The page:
In part one of my review of the Transhumanist Wager by Zoltan Istvan, I covered the political end of the book. Part two of the review is going to cover the Transhumanist end of the book.
Three Laws of Transhumanism are:
A transhumanist must safeguard one’s own existence above all else.
A transhumanist must strive to achieve omnipotence as expediently as possible—so long as one’s actions do not conflict with the First Law.
A transhumanist must safeguard value in the universe—so long as one’s actions do not conflict with the First and Second Laws.
By and far this is the worst part of the book. It is a poor mans version of the three laws by Isaac Asimov’s “Three Laws of Robotics”. Combining this with the TEF, it is an attempt to build the 10 Commandments for Transhumanists and it is so unnecessary. Dogma is the last thing Transhumanists need.
In many sections of the book, you come across this bizarre mix of Ayn Rand as a Transhumanist. Which is basically, Transhumanism with no regrets or responsibility. Which is just a horrible way to live as a human being, never mind being a Transhumanist / Futurist.
Another horrible sections of the book is a quick discussion of the board of Transhumania concerning a candidate to receive free medical services. This particular candidate is a mom with multiple children who had multiple marriages, the board determined she was unworthy of actually living, because of her lifestyle. It is ugly, it is uncalled for, and it is unfitting to any Transhumanist / Futurist agenda or judgment. This is exactly what I mean about Ayn Rand as a Transhumanist.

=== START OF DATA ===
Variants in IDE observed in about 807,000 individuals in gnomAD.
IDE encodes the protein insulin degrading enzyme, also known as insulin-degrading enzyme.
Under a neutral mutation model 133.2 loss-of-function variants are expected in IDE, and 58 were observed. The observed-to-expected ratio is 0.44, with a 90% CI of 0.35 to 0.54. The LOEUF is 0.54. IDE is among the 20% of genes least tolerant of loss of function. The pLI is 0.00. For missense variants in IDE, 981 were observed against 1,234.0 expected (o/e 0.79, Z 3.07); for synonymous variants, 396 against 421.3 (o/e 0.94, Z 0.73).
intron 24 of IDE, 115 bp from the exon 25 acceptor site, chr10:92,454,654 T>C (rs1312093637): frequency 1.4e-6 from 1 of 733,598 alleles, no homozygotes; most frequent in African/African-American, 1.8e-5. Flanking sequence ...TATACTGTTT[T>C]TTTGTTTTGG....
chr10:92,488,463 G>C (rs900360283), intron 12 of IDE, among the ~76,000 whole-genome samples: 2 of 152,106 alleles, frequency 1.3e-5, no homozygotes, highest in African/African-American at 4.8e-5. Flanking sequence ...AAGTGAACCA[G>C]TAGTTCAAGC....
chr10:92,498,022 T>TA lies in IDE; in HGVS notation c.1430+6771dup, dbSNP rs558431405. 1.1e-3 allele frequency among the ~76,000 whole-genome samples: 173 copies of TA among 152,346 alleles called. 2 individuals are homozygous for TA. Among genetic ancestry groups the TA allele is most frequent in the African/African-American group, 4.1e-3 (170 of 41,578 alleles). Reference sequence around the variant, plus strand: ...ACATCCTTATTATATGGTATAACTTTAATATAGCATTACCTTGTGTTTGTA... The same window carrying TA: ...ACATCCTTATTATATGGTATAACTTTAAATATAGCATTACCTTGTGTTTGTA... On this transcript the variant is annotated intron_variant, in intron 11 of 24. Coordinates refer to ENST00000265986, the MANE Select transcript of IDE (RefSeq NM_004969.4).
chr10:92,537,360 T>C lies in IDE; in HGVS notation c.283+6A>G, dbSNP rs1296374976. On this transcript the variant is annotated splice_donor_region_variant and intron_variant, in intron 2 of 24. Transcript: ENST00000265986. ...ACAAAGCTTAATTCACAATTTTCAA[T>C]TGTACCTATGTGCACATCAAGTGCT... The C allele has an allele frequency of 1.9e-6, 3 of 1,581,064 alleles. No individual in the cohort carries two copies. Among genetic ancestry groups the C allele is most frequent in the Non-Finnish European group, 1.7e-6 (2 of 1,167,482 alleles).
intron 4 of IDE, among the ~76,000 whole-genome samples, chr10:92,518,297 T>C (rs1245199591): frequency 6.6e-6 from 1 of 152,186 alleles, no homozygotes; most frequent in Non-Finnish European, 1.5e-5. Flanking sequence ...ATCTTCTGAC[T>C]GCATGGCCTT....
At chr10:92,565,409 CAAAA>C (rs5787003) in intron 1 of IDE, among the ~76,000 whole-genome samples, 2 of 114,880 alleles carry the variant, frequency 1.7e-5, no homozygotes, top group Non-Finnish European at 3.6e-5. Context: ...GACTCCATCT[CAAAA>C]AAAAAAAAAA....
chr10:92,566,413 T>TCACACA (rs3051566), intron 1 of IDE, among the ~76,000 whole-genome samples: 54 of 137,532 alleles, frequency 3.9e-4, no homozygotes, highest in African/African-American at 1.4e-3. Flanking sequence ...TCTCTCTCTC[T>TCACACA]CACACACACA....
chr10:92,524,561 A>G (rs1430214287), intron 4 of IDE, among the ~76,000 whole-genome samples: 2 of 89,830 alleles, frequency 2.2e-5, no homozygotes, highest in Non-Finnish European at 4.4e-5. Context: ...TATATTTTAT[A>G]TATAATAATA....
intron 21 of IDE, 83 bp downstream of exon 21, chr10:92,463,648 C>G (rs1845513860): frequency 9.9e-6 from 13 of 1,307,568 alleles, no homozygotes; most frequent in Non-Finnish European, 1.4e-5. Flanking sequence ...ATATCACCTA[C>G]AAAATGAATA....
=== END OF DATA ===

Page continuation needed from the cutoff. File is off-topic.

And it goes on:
Now that I have covered some of the sections in the book that annoyed me, lets cover some sections of the book that rocked.
You have a consistent theme of life, death, and spirituality. For me, this was by and far the best part of the book. Between the life, love and death of Zoe Bach, and the struggle of the unknown of the afterlife by Frederick Vilimich. It was pure intrigue by both characters that carried all of the way to the end of the book.
The struggle between transhumanists and the religious was an all or nothing agenda. One to win and the other to lose. You also have a considerable amount of fear and loathing from all sides, which for the book is quite reasonable for both sides. Fear is the main catalyst for all of the characters, for the good and the bad.
Personally I do not believe it has to be an all or nothing agenda between Transhumanists and the religious. We are all one people and everyone can be part of the future. The future does not have to be based on fear, no matter how you want to live your life.